The Governor also announced a 90-day moratorium on any residential or commercial evictions.
Additionally, amid a shortage of personal protective equipment — or PPE — products in the state, including gloves, masks and gowns, the Governor is asking all PPE product providers to sell to the state any products that are not essential or not currently being used. Businesses interested in selling products to the state should contact Simonida Subotic at 646-522-8477 or [email protected].
The Governor is also encouraging any company with the proper equipment or personnel to begin to manufacture PPE products if possible. The state is willing to provide funding to any company to obtain the proper equipment and personnel. Businesses interested in receiving state funding to manufacture PPE products should contact Eric Gertler at 212-803-3100 or [email protected].
AUDIO of today's remarks is available here.
PHOTOS will be available on the Governor's Flickr page.
A rush transcript of the Governor's remarks is available below:
Happy Friday, it is almost time for the weekend. Is there a weekend if you did not work during the week? Let me introduce who we have here today starting at the far left, James Malatras who everybody knows, Budget Director Rob Mujica, Secretary to the Governor Melissa DeRosa, Dr. Howard Zucker from the Health Department and General Patrick Murphy. We call him General Patrick Murphy.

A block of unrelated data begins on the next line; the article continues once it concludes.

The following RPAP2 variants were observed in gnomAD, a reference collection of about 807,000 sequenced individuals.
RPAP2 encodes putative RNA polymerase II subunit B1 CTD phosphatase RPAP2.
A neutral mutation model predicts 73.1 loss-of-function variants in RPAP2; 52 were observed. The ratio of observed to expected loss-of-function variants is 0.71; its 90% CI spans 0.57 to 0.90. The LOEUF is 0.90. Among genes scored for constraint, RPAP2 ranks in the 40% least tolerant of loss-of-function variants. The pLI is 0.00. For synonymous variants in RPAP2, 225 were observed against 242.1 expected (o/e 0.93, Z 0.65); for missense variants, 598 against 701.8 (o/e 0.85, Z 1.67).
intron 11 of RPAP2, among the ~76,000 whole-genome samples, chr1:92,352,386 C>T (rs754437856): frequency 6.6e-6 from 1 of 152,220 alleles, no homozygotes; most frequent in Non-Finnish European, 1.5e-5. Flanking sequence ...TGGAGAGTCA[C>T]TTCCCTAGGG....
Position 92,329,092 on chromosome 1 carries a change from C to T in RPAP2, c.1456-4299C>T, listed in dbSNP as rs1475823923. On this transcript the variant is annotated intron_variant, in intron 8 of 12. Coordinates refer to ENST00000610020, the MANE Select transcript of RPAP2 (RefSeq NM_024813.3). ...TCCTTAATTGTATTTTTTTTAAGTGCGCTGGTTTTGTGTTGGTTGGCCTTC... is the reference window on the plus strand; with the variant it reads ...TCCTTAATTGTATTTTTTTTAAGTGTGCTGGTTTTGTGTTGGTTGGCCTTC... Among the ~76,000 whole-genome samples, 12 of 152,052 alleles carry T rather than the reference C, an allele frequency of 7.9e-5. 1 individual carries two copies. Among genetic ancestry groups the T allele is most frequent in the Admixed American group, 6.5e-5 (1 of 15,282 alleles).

General Patrick Murphy was in charge of our National Guard for many years and did an outstanding job. I have been with him in many emergency situations over the years. He is a man who leads from the front, so he is my type of leader. He had so much fun that he retired and then he came and joined us as Commissioner of Homeland Security.
This team and the team that is working on this, New Yorkers should have total confidence because they have done it before. They have been in this situation, not this exact situation, but they have handled emergencies and they have handled them all pretty well, so they are proven.